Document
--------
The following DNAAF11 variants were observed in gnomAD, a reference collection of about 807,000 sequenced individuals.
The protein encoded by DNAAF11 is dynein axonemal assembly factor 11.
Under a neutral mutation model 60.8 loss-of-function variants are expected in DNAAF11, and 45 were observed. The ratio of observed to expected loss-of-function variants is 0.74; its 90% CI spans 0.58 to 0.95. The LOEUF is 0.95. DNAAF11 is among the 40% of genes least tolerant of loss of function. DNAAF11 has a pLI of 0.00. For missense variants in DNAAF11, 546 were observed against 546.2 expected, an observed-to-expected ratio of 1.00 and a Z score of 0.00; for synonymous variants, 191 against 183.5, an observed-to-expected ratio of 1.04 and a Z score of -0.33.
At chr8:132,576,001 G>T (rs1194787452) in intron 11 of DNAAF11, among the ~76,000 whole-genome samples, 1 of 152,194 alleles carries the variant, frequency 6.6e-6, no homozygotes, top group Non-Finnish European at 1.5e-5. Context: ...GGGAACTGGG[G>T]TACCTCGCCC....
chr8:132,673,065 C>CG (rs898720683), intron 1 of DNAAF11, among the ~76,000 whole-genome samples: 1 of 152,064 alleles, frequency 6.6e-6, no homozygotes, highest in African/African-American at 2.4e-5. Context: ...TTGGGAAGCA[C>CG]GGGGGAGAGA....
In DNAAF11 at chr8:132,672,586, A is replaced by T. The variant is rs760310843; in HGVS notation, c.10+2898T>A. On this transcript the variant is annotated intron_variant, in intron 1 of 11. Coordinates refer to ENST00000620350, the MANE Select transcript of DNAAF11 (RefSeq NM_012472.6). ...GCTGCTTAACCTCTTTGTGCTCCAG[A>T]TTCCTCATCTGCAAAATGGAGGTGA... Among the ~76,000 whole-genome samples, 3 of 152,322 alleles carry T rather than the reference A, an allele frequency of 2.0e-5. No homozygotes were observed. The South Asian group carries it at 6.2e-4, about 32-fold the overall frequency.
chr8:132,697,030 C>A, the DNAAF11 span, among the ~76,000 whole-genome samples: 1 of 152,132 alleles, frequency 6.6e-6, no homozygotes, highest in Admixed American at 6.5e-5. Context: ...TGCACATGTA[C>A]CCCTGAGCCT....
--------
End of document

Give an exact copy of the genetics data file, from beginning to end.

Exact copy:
The following DNAAF11 variants were observed in gnomAD, a reference collection of about 807,000 sequenced individuals.
The protein encoded by DNAAF11 is dynein axonemal assembly factor 11.
Under a neutral mutation model 60.8 loss-of-function variants are expected in DNAAF11, and 45 were observed. The ratio of observed to expected loss-of-function variants is 0.74; its 90% CI spans 0.58 to 0.95. The LOEUF is 0.95. DNAAF11 is among the 40% of genes least tolerant of loss of function. DNAAF11 has a pLI of 0.00. For missense variants in DNAAF11, 546 were observed against 546.2 expected, an observed-to-expected ratio of 1.00 and a Z score of 0.00; for synonymous variants, 191 against 183.5, an observed-to-expected ratio of 1.04 and a Z score of -0.33.
At chr8:132,576,001 G>T (rs1194787452) in intron 11 of DNAAF11, among the ~76,000 whole-genome samples, 1 of 152,194 alleles carries the variant, frequency 6.6e-6, no homozygotes, top group Non-Finnish European at 1.5e-5. Context: ...GGGAACTGGG[G>T]TACCTCGCCC....
chr8:132,673,065 C>CG (rs898720683), intron 1 of DNAAF11, among the ~76,000 whole-genome samples: 1 of 152,064 alleles, frequency 6.6e-6, no homozygotes, highest in African/African-American at 2.4e-5. Context: ...TTGGGAAGCA[C>CG]GGGGGAGAGA....
In DNAAF11 at chr8:132,672,586, A is replaced by T. The variant is rs760310843; in HGVS notation, c.10+2898T>A. On this transcript the variant is annotated intron_variant, in intron 1 of 11. Coordinates refer to ENST00000620350, the MANE Select transcript of DNAAF11 (RefSeq NM_012472.6). ...GCTGCTTAACCTCTTTGTGCTCCAG[A>T]TTCCTCATCTGCAAAATGGAGGTGA... Among the ~76,000 whole-genome samples, 3 of 152,322 alleles carry T rather than the reference A, an allele frequency of 2.0e-5. No homozygotes were observed. The South Asian group carries it at 6.2e-4, about 32-fold the overall frequency.
chr8:132,697,030 C>A, the DNAAF11 span, among the ~76,000 whole-genome samples: 1 of 152,132 alleles, frequency 6.6e-6, no homozygotes, highest in Admixed American at 6.5e-5. Context: ...TGCACATGTA[C>A]CCCTGAGCCT....